Cities with extensive off-street rail networks often plan surface transit as a feeder to rail. Bus routes originate and terminate at rail stations.
Operations in these systems strongly favor the trunklines, resulting in frequent or high-volume bi-directional service along these routes but much less frequent service to other locations.
Trunklines connect key hubs, making travel between dense centers quick and simple.
When buses are used for trunkline routes, robust rapid transit street design includes transitways and station-area planning.
Local routes on neighborhood streets benefit from comfortable stops, system information and branding, and other integration with the broader system.
Cities with both buses and a dedicated-right-of-way rail system have historically structured the former primarily as a feeder service to the latter. Bus Rapid Transit can be used to upgrade new parts of the network into trunklines. At somewhat lower speeds and distances, streetcars and buses can also form a multi-hub network, with dedicated lanes or transitways in downtown.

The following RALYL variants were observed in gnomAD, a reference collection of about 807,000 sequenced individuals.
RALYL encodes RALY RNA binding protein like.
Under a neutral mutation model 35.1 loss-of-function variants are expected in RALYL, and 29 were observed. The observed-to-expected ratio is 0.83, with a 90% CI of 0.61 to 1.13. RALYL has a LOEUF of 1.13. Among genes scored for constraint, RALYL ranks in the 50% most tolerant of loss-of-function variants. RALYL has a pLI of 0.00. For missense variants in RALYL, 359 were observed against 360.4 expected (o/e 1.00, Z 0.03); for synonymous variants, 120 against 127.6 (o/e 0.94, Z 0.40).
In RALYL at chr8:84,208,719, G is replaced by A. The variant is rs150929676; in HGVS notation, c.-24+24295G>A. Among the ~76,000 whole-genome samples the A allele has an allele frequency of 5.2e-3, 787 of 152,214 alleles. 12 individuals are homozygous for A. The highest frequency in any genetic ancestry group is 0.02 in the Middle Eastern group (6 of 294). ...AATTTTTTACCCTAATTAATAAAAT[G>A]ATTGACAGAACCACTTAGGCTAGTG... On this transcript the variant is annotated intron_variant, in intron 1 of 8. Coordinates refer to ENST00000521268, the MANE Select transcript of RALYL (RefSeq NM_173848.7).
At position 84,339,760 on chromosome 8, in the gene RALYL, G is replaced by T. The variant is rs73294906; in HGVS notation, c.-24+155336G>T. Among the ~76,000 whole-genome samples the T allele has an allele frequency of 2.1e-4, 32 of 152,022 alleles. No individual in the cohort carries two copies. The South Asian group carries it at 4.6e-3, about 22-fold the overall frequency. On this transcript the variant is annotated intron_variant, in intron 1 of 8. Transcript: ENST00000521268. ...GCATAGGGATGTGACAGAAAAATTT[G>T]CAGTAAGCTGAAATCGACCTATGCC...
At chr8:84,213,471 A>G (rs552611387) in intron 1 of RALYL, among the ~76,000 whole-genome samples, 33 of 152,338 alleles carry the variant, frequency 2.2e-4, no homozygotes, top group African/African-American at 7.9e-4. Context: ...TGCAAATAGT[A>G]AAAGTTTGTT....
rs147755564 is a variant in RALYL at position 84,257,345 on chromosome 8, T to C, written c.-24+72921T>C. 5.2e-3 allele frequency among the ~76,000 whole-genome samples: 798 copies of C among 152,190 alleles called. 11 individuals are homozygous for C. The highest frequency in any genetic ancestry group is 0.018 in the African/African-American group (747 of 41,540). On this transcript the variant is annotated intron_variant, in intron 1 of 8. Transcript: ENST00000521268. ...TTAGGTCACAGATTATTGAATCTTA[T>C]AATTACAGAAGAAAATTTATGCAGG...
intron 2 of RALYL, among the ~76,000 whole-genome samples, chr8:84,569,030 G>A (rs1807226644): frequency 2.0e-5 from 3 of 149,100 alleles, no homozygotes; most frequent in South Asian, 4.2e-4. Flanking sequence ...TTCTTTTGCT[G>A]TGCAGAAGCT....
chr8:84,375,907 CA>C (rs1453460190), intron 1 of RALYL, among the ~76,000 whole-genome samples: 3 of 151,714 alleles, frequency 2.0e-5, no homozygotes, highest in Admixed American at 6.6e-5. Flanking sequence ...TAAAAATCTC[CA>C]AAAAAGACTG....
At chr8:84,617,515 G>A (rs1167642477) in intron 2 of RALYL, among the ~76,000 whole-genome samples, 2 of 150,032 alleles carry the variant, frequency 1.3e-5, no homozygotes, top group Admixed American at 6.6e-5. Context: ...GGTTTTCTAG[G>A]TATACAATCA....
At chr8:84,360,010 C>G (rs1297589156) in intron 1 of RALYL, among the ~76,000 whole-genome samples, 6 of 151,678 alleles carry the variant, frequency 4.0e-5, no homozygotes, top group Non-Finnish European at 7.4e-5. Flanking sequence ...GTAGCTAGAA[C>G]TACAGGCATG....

Cities with multiple large economic or activity clusters require connectivity beyond downtown. Lower-density neighborhoods and activity centers often access core rail service via feeder surface transit.
BENEFITS & CONSIDERATIONS
Prominent stations can be major attractors for ridership and transit-oriented development activity. Keeping transfer points compact and walking-oriented is key to their development potential.
With targeted investments, surface bus networks may provide substantially faster travel for specific routes, even in systems with separate off-street transit. Bus networks are often simpler and less expensive to plan and build.
Service frequency, and subsequent investments, can be imbalanced toward rail, especially when the rail network is well established.
Because transfers are key to an effective network, the transfer process should be as simple and seamless as possible. Design transit hubs to be simple to navigate, and implement transfer-supportive fare payment methods.
Design rapid network to run primarily on either large streets with dedicated transit lanes or on other streets where reliable service can be provided.